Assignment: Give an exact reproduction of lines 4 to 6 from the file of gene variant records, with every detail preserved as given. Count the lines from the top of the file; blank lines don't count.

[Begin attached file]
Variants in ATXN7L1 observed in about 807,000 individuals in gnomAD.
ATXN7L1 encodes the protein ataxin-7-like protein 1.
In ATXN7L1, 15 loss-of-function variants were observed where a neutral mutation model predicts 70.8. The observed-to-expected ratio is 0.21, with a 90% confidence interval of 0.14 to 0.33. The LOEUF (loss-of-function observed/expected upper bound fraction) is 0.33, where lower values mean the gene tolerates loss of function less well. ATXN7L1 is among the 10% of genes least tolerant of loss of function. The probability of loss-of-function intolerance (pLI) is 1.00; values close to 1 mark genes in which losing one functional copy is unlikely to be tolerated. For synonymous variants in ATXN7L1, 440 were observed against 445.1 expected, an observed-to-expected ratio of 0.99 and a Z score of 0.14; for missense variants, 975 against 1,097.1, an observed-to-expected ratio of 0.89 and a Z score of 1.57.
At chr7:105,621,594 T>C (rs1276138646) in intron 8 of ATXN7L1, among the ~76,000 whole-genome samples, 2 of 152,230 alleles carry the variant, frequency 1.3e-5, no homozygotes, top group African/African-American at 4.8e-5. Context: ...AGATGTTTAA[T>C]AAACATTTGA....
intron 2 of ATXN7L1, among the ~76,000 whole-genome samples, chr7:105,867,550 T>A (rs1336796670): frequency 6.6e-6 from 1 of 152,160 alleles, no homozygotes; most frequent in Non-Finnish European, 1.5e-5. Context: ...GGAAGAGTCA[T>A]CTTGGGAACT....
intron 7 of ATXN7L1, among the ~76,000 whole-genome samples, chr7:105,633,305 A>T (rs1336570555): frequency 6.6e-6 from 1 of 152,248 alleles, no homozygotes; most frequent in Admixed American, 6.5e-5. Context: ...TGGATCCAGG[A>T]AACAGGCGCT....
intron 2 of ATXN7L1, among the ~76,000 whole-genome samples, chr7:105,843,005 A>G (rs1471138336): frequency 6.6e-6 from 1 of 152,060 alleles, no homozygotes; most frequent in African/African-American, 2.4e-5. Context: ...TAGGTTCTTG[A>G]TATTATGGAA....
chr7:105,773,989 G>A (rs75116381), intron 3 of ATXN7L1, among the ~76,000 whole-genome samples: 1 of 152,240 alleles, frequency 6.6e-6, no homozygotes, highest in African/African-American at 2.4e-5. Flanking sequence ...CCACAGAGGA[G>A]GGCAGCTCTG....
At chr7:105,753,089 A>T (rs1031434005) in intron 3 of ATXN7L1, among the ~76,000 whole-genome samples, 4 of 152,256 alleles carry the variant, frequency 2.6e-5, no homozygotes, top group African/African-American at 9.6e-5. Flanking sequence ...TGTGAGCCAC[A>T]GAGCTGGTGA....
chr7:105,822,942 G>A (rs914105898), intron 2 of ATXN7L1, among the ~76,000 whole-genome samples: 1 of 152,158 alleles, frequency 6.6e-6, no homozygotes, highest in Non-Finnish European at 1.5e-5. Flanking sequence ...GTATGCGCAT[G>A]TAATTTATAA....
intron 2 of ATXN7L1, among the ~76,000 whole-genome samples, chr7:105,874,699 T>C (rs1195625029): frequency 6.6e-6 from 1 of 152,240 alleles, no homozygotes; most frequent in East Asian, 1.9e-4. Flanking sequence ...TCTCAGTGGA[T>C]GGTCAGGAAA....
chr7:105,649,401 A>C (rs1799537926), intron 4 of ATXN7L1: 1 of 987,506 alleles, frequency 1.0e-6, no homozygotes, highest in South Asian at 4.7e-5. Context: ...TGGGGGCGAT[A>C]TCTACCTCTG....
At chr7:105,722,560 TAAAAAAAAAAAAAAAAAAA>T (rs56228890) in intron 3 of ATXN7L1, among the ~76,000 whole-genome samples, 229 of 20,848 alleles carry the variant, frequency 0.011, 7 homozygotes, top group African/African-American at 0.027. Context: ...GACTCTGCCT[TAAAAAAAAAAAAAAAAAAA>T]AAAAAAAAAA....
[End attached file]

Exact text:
At chr7:105,621,594 T>C (rs1276138646) in intron 8 of ATXN7L1, among the ~76,000 whole-genome samples, 2 of 152,230 alleles carry the variant, frequency 1.3e-5, no homozygotes, top group African/African-American at 4.8e-5. Context: ...AGATGTTTAA[T>C]AAACATTTGA....
intron 2 of ATXN7L1, among the ~76,000 whole-genome samples, chr7:105,867,550 T>A (rs1336796670): frequency 6.6e-6 from 1 of 152,160 alleles, no homozygotes; most frequent in Non-Finnish European, 1.5e-5. Context: ...GGAAGAGTCA[T>A]CTTGGGAACT....
intron 7 of ATXN7L1, among the ~76,000 whole-genome samples, chr7:105,633,305 A>T (rs1336570555): frequency 6.6e-6 from 1 of 152,248 alleles, no homozygotes; most frequent in Admixed American, 6.5e-5. Context: ...TGGATCCAGG[A>T]AACAGGCGCT....